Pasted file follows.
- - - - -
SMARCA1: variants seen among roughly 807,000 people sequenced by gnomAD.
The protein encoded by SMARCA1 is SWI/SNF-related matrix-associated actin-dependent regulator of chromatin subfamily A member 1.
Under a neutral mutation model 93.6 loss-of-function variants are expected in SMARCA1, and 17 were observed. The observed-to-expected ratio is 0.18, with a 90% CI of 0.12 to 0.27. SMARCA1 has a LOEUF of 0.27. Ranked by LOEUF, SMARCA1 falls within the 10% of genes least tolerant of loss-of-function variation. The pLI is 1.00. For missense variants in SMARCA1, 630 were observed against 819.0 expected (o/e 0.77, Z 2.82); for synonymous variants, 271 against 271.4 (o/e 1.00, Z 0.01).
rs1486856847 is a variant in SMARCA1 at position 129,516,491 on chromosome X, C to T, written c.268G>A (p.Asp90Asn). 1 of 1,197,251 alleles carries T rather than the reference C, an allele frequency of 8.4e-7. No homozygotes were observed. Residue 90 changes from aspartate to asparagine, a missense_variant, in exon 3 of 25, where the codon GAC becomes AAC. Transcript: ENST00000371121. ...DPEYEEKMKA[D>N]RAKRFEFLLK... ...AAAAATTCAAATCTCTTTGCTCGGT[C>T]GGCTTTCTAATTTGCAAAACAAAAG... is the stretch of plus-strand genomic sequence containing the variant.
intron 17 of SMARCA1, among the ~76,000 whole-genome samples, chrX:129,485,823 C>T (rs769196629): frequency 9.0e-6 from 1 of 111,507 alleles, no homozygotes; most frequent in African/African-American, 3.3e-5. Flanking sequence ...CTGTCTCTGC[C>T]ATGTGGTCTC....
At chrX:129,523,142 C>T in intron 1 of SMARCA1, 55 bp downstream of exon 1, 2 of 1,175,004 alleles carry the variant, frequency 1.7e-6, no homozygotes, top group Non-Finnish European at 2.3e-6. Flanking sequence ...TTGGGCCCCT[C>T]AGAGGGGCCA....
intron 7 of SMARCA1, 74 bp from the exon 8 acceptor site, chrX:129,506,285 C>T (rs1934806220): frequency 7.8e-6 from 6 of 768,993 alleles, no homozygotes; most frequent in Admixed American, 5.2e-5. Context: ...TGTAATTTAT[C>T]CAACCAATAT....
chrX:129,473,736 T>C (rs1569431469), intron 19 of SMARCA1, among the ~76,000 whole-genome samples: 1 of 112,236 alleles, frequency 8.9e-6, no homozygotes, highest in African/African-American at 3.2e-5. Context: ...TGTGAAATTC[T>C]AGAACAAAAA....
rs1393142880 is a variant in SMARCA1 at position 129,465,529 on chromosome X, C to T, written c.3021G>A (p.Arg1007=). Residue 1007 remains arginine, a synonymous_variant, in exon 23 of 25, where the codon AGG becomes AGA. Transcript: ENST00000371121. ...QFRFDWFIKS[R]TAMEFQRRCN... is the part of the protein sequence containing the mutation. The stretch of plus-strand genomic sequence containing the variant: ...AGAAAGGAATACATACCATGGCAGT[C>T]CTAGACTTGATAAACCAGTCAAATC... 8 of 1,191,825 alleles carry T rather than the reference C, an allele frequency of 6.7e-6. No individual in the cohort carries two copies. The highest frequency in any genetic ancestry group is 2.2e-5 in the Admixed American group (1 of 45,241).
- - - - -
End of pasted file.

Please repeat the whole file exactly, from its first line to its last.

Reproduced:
SMARCA1: variants seen among roughly 807,000 people sequenced by gnomAD.
The protein encoded by SMARCA1 is SWI/SNF-related matrix-associated actin-dependent regulator of chromatin subfamily A member 1.
Under a neutral mutation model 93.6 loss-of-function variants are expected in SMARCA1, and 17 were observed. The observed-to-expected ratio is 0.18, with a 90% CI of 0.12 to 0.27. SMARCA1 has a LOEUF of 0.27. Ranked by LOEUF, SMARCA1 falls within the 10% of genes least tolerant of loss-of-function variation. The pLI is 1.00. For missense variants in SMARCA1, 630 were observed against 819.0 expected (o/e 0.77, Z 2.82); for synonymous variants, 271 against 271.4 (o/e 1.00, Z 0.01).
rs1486856847 is a variant in SMARCA1 at position 129,516,491 on chromosome X, C to T, written c.268G>A (p.Asp90Asn). 1 of 1,197,251 alleles carries T rather than the reference C, an allele frequency of 8.4e-7. No homozygotes were observed. Residue 90 changes from aspartate to asparagine, a missense_variant, in exon 3 of 25, where the codon GAC becomes AAC. Transcript: ENST00000371121. ...DPEYEEKMKA[D>N]RAKRFEFLLK... ...AAAAATTCAAATCTCTTTGCTCGGT[C>T]GGCTTTCTAATTTGCAAAACAAAAG... is the stretch of plus-strand genomic sequence containing the variant.
intron 17 of SMARCA1, among the ~76,000 whole-genome samples, chrX:129,485,823 C>T (rs769196629): frequency 9.0e-6 from 1 of 111,507 alleles, no homozygotes; most frequent in African/African-American, 3.3e-5. Flanking sequence ...CTGTCTCTGC[C>T]ATGTGGTCTC....
At chrX:129,523,142 C>T in intron 1 of SMARCA1, 55 bp downstream of exon 1, 2 of 1,175,004 alleles carry the variant, frequency 1.7e-6, no homozygotes, top group Non-Finnish European at 2.3e-6. Flanking sequence ...TTGGGCCCCT[C>T]AGAGGGGCCA....
intron 7 of SMARCA1, 74 bp from the exon 8 acceptor site, chrX:129,506,285 C>T (rs1934806220): frequency 7.8e-6 from 6 of 768,993 alleles, no homozygotes; most frequent in Admixed American, 5.2e-5. Context: ...TGTAATTTAT[C>T]CAACCAATAT....
chrX:129,473,736 T>C (rs1569431469), intron 19 of SMARCA1, among the ~76,000 whole-genome samples: 1 of 112,236 alleles, frequency 8.9e-6, no homozygotes, highest in African/African-American at 3.2e-5. Context: ...TGTGAAATTC[T>C]AGAACAAAAA....
rs1393142880 is a variant in SMARCA1 at position 129,465,529 on chromosome X, C to T, written c.3021G>A (p.Arg1007=). Residue 1007 remains arginine, a synonymous_variant, in exon 23 of 25, where the codon AGG becomes AGA. Transcript: ENST00000371121. ...QFRFDWFIKS[R]TAMEFQRRCN... is the part of the protein sequence containing the mutation. The stretch of plus-strand genomic sequence containing the variant: ...AGAAAGGAATACATACCATGGCAGT[C>T]CTAGACTTGATAAACCAGTCAAATC... 8 of 1,191,825 alleles carry T rather than the reference C, an allele frequency of 6.7e-6. No individual in the cohort carries two copies. The highest frequency in any genetic ancestry group is 2.2e-5 in the Admixed American group (1 of 45,241).